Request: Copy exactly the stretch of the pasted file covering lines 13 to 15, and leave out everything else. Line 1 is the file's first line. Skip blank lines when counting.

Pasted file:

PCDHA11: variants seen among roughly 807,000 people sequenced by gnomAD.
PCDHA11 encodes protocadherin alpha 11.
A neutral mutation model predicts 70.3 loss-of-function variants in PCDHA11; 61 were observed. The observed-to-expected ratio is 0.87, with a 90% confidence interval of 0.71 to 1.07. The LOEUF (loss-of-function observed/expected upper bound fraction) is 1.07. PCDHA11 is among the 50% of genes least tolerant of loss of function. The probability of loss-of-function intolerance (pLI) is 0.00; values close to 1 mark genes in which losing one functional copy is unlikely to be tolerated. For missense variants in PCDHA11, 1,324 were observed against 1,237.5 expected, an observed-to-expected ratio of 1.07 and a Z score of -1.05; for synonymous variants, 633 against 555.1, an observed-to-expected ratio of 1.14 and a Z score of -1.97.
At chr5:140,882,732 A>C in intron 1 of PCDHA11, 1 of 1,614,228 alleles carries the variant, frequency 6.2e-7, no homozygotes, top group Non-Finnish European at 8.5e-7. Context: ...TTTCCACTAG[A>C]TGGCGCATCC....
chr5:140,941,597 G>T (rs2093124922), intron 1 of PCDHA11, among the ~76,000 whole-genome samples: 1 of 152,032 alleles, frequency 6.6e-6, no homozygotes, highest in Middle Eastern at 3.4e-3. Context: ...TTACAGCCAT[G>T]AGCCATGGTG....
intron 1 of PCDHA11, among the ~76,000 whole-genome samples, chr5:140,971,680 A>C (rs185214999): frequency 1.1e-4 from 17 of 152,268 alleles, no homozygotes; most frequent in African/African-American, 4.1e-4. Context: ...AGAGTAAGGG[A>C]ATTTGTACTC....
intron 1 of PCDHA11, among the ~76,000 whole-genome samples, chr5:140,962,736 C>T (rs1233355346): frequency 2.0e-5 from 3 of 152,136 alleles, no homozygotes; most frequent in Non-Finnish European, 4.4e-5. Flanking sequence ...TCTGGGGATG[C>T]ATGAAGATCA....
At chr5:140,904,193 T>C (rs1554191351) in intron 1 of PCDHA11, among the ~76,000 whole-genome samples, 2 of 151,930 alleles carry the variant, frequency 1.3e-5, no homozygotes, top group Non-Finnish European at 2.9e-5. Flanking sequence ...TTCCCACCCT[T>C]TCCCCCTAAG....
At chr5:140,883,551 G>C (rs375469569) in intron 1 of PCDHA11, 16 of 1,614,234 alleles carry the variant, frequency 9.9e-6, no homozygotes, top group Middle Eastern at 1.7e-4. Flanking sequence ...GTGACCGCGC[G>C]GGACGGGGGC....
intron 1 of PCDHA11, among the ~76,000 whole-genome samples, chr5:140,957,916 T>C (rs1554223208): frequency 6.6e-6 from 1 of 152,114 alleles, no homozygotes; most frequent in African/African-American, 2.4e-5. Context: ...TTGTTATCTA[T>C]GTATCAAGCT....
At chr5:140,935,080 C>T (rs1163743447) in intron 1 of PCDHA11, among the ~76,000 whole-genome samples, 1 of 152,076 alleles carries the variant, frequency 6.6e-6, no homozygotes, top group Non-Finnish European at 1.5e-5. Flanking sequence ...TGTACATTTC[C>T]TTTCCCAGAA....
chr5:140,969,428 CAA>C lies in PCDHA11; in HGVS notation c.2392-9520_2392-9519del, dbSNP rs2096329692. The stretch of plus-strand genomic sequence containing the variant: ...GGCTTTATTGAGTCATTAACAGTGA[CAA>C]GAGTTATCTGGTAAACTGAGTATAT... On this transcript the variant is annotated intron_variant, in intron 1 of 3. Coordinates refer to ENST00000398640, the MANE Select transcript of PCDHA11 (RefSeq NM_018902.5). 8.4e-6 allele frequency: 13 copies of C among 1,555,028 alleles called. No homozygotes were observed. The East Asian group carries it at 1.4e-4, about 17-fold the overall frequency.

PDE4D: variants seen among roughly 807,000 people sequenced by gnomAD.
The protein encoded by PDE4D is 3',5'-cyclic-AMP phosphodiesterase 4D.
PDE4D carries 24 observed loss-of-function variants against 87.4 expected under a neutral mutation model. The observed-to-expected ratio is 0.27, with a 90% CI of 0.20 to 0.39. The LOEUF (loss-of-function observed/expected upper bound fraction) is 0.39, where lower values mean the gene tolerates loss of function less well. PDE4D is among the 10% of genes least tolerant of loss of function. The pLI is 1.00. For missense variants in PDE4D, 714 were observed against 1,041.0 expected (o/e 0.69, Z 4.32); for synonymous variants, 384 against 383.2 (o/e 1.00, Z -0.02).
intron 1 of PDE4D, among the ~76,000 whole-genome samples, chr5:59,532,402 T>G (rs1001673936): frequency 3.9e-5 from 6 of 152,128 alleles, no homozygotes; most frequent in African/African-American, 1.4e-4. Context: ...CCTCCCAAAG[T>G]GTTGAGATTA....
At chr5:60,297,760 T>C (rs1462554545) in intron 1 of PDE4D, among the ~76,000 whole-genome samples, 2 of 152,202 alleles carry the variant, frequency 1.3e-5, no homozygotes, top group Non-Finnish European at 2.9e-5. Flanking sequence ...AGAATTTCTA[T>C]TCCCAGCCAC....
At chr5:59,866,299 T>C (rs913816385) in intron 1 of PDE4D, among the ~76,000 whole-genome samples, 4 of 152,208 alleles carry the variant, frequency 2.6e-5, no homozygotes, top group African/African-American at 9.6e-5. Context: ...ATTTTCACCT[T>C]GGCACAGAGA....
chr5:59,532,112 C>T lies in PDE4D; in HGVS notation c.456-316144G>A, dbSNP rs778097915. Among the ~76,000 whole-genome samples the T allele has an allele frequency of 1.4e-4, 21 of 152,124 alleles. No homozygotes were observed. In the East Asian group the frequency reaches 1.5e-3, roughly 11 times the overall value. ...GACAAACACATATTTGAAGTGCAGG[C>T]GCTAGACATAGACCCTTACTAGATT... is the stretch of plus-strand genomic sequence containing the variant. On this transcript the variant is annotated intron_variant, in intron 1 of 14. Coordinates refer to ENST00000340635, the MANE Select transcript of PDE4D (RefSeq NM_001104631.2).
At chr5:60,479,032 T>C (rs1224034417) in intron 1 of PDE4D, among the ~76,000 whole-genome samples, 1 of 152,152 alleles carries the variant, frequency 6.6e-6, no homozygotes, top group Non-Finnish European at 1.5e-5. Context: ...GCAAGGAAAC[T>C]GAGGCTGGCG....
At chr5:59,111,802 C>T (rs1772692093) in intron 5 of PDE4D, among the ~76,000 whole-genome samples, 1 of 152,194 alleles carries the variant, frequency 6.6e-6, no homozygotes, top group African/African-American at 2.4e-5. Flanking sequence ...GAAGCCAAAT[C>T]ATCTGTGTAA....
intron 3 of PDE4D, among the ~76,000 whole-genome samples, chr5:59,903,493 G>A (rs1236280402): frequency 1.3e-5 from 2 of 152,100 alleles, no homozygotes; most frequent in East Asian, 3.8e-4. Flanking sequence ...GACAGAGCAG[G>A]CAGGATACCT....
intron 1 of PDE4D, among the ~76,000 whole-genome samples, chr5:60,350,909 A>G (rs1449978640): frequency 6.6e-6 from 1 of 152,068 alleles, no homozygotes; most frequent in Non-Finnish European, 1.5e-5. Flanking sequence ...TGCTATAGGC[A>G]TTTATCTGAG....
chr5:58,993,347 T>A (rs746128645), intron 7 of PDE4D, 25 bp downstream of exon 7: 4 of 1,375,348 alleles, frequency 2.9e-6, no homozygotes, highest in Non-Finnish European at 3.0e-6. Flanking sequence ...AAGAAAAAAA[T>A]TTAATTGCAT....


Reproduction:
PDE4D: variants seen among roughly 807,000 people sequenced by gnomAD.
The protein encoded by PDE4D is 3',5'-cyclic-AMP phosphodiesterase 4D.
PDE4D carries 24 observed loss-of-function variants against 87.4 expected under a neutral mutation model. The observed-to-expected ratio is 0.27, with a 90% CI of 0.20 to 0.39. The LOEUF (loss-of-function observed/expected upper bound fraction) is 0.39, where lower values mean the gene tolerates loss of function less well. PDE4D is among the 10% of genes least tolerant of loss of function. The pLI is 1.00. For missense variants in PDE4D, 714 were observed against 1,041.0 expected (o/e 0.69, Z 4.32); for synonymous variants, 384 against 383.2 (o/e 1.00, Z -0.02).